Creep is a phenomenon whereby a material continues to change shape over time under a constant load. In tooth extraction, creep may occur to bone and the periodontal ligament. Reilly established the creep curve of bone, whereby under a constant load of 60 Mpa, the bone over time responds in three different stages.6 The majority of bone changes occur within the first minute, whereby the initial strain of bone (the change of length divided by the original length) is modified. The greater the force, the greater the deformation of the bone. This process allows the tooth socket to expand and the tooth to exit the socket.
A secondary creep curve allows the bone to further deform when the force is applied for 1 to 5 minutes. The longer the time, the greater the deformation. However, the secondary deformation is only a 10% to 20% difference compared with the initial strain over the first minute. Eventually, the bone will fracture if the load is applied over a longer time frame, representing creep rupture.
The creep curve of the periodontal complex is similar to the creep curve of the bone, whereby the constant load on a tooth over time increases the strain and decreases the strength of the periodontal complex. Therefore, the clinician should not underestimate the values of time and constant force to the tooth ligament and bone in the extraction process.
Once the tooth is extracted, the site may heal by repair or regeneration of the bone. All fibrous tissue from periodontal disease or endodontic origin should be completely removed, as these tissues impair bone formation and delay bone healing for extended periods. Repair occurs when there is injury or conditions of the bone that cause incomplete bone volume to form in the residual ridge. The most common conditions that cause repair are the absence of a labial plate before or as a consequence of tooth extraction. Other factors include a bony wall that is less than 1.5 mm thick (usually the facial), exudate, gross apical pathology, or excessive heat from a dental drill during root extraction. On rare occasions, bisphosphonate drugs or systemic conditions may cause a repair rather than a regeneration process.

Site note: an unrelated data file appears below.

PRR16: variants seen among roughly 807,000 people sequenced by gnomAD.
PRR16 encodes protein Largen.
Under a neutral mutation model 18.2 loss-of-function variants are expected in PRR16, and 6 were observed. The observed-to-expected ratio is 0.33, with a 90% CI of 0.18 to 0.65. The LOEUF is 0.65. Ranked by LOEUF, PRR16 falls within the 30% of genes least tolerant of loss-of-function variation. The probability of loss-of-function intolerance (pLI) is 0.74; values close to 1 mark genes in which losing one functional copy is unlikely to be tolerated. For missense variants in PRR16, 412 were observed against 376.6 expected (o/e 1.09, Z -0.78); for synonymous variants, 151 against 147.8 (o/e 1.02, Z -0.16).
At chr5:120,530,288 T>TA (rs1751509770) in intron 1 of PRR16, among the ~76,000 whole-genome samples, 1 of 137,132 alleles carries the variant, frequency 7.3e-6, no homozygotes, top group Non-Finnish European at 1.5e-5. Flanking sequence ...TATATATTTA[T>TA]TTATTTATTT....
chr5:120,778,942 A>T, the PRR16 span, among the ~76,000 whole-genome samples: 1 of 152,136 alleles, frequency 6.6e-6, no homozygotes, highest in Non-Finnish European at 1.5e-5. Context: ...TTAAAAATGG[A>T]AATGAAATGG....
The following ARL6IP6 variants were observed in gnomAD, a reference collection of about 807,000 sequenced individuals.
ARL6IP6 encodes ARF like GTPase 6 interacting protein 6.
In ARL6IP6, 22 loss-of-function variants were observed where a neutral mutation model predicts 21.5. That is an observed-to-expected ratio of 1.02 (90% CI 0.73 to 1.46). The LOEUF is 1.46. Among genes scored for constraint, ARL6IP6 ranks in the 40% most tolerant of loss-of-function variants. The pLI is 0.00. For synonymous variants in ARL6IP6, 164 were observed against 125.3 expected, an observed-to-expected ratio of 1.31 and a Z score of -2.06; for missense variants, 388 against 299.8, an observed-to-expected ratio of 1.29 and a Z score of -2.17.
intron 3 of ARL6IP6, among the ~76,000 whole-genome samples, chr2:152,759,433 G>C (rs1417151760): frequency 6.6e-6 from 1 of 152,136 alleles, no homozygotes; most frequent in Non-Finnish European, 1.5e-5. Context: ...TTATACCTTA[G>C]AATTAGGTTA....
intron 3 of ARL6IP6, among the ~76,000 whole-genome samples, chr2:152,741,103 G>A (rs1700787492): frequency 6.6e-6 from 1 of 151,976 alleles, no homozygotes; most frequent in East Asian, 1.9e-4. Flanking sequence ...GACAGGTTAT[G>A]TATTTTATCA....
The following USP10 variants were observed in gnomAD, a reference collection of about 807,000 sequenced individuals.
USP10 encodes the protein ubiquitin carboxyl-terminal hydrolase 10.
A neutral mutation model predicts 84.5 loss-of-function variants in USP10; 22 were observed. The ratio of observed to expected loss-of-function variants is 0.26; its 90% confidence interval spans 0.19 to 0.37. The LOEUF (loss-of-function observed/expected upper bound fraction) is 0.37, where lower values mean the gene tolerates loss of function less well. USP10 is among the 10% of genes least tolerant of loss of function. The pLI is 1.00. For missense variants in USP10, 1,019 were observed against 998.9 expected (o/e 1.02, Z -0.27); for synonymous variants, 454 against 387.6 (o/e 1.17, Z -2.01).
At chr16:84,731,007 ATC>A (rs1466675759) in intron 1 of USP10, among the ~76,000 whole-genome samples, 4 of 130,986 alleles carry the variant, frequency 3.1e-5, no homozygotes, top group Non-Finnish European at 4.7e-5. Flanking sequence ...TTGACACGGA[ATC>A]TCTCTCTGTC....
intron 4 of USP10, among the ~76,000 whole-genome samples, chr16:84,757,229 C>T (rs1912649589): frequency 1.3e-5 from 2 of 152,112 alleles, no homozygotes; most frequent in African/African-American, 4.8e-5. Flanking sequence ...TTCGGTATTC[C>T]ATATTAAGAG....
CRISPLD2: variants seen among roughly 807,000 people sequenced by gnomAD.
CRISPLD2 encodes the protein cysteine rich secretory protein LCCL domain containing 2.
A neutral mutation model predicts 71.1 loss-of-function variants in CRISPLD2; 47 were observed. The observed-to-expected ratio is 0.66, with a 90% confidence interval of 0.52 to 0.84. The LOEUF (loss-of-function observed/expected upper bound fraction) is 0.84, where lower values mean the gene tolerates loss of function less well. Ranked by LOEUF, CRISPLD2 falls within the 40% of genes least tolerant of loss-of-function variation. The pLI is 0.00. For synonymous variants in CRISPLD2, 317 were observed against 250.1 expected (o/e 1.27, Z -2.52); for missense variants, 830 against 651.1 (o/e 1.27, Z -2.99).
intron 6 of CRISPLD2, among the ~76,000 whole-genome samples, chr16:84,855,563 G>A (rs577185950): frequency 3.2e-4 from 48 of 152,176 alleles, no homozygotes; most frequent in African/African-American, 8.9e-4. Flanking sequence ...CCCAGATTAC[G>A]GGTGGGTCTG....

The tooth socket with five bony walls regenerates bone by secondary intention, and bone healing in many aspects is similar to secondary intention soft tissue healing. The healing sequence in both hard and soft tissue includes inflammation, epithelialization, fibroplasia, and remodeling. However, socket healing presents unique microvascular features and a sequential pattern of bone formation before remodeling. The inflammatory stage of healing is initiated by the extraction trauma. Oral epithelium surrounds the crestal aspect of the socket and averages 3 mm in thickness in the absence of periodontal disease (the sulcus, junctional epithelial attachment, and connective tissue attachment accounting for approximately 1 mm each). The cribriform plate is composed of cortical-like bone and, after extraction, it is covered with the residual periodontal ligament. The vessels torn during the extraction fill the socket with blood, which coagulates and protects the bone during initial healing. The epithelium around the crest of the alveolus migrates down the socket walls during the first week. The migration continues until it reaches the bed of granulation tissue situated under the blood clot. It then migrates over this granulation tissue until it makes contact with the epithelium migrating from the other sides.